Root cellars could be called feats of engineering dating back millennia, but very little technology, other than careful observation of nature and the trial-and-error method, may have gone into their construction and usage. Just plain need of storing excess produce for lean times was the impetus behind these typically earthbound structures which were either carved out of a hill, or built into the ground to be accessed by a trap door.
Even though the indigenous tribes of Australia are credited with the original root cellars that they used for storing their yams, the present-day concept of root cellars for storing all agricultural produce, as well as a good collection of spirits, originated in England in the 17th century only. They were popular with the North American settlers, quite understandably, since agriculture was their mainstay.
A typical root cellar is built into a hill, which would offer excellent insulation on all sides but one. After all, maintaining optimal temperature for food storage is the whole idea. Neither too cool that food would freeze, nor too warm that it would rot. If there are no conveniently located outcrops close to the residence, people build underground cellars accessed by a ladder or a few steps.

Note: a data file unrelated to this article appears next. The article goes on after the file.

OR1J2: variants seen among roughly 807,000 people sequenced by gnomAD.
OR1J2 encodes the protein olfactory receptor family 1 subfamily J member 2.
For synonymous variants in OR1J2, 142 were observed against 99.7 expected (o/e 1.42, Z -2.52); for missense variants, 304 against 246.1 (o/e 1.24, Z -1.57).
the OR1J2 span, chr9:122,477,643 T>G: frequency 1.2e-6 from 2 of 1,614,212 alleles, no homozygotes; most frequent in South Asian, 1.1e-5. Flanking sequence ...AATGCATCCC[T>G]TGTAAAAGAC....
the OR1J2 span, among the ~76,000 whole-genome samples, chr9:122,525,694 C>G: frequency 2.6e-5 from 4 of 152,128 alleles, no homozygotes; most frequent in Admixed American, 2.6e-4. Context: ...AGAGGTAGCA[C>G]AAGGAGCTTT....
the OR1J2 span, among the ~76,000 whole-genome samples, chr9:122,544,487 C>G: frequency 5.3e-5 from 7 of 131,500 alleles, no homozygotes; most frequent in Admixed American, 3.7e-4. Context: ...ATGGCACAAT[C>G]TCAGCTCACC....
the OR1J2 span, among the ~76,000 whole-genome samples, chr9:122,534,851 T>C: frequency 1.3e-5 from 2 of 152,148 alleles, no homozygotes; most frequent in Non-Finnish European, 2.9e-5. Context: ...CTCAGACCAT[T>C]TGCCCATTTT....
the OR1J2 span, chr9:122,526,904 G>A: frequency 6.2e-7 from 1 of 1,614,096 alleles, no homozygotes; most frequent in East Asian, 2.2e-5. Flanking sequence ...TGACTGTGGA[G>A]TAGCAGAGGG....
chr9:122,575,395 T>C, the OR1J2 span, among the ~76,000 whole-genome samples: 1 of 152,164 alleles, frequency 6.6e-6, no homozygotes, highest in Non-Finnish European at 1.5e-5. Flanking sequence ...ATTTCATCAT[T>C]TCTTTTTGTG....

After all these years, and besieged with every convenient storage options such as refrigerators and deep freezers, why should we go back to the old days? The renewed interest in these eminently useful structures is not a nostalgic trip into antiquarian times or a departure from modern conveniences on principles of sustainable living. The comparative benefits of root cellars themselves recommend them.
It can provide you fruits and vegetables year-round. In spite of their name, these storage areas are not meant exclusively for potatoes or other crops dug out from the ground. In fact, apples were one of the main items in an English root cellar, not to mention wines and beers that love these cool dark places.
What You Can Store
Why the name “root cellar,” then?
Root crops were what sustained people for longer periods. They typically gave substantial yields that had to be harvested all at once, making safe storage the foremost priority. Grains and pulses could be dried and stored, but potatoes, turnips and carrots had to be kept in conditions that would keep them plump and sweet. You’d be surprised to know how many different types of food can have a better shelf life in the cool and moist environs of a cellar.
Here’s a brief list to give you an idea: